The National Museum of African American History and Culture’s goal with the “Segregated Lunch Counter” interactive was to teach visitors about the methods and organizational approaches used by activists for protests during the Civil Rights Movement of the 1950s and 1960s. The concept for the interactive and panorama film were initially designed by Ralph Appelbaum Associates and the Museum curatorial and design team as part of the exhibit design phase, but the interactive design and content was produced and deployed by Cortina Productions.
This dramatic interactive installation includes twelve 42-inch multi-touch screens embedded into a modern interpretation of a Woolworth’s lunch counter, that is set in front of a 35-foot projection screen. As part of the overall exhibit, in a display case next to this media experience, is an actual stool from the Greensboro Woolworth’s Sit-In of 1960.
The interactive counter enables visitors to explore critical actions taken during the Civil Rights Movement to affect national laws and influence future events. Broken down into a literal menu of twelve smaller movements, the interactive covers marches, sit-ins, freedom rides, bus boycotts, school desegregation, urban rebellions, Dr. Martin Luther King Jr., Malcom X, militancy, economic justice, gains and losses, and leadership.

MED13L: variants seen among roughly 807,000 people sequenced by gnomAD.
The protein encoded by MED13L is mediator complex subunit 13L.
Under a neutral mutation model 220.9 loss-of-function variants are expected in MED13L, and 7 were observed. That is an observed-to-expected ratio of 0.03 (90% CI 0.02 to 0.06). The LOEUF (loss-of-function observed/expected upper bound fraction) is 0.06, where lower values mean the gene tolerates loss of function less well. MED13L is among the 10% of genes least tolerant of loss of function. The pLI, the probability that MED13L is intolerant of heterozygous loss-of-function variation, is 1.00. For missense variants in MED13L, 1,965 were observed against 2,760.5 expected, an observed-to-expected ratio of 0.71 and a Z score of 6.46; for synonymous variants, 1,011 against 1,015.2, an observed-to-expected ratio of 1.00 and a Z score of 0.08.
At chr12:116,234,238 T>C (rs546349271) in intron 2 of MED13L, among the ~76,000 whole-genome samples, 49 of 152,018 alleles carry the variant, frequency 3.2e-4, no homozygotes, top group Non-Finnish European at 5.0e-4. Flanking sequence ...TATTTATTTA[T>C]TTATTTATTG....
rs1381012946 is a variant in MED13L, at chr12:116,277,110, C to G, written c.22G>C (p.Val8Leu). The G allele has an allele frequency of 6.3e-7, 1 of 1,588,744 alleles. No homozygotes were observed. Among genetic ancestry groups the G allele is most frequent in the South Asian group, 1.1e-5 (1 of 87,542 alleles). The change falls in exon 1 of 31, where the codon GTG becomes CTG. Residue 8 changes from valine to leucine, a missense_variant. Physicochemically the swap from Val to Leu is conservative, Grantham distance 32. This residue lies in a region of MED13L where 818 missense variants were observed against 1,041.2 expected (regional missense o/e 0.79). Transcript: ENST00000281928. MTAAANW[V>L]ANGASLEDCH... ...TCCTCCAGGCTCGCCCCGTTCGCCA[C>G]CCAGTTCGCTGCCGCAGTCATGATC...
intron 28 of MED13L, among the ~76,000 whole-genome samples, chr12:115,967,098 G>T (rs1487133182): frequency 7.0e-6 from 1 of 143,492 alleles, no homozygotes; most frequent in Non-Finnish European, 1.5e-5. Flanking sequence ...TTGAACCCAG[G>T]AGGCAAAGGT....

To begin the interactive experience, visitors virtually step into the shoes of event organizers and participants by selecting one of the twelve movements to learn about the strategy and organization efforts for events like the Selma March, the Montgomery Bus Boycott, and the Woolworth’s Sit-In. To test visitors’ level of willpower, determination, and courage to make difficult choices, they are asked to think about how they would respond if faced with these situations. Once they make a choice, visitors can see statistically where their choice aligns with past users of the experience.
As visitors interact with the “Segregated Lunch Counter,” content is reflected back through the film projected above the exhibit. Iconic songs, footage, photographs, and words of the Civil Rights Movement are used to capture the vibrancy, challenges, risks, setbacks, and gains of these events. Most of the material is drawn from archival television news footage, illustrating the movement’s astute use of the mass media to generate support.
An additional feature that the Cortina team incorporated into the experience is a facilitator mode. Using facilitator mode, educators are able to control the Lunch Counter interactive remotely, to provide a guided experience aimed at classrooms and customizable for specific grade levels.
Since opening, the exhibit is extremely popular with museum visitors, with all twelve stations engaged constantly throughout the day.
Ralph Appelbaum Associates, Cortina Productions
Freelon (architect of record), Adjaye Associates (design architect), Davis Brody Bond (architecture design team), SH Acoustics (acoustic/audio design)
Design and Production, Inc.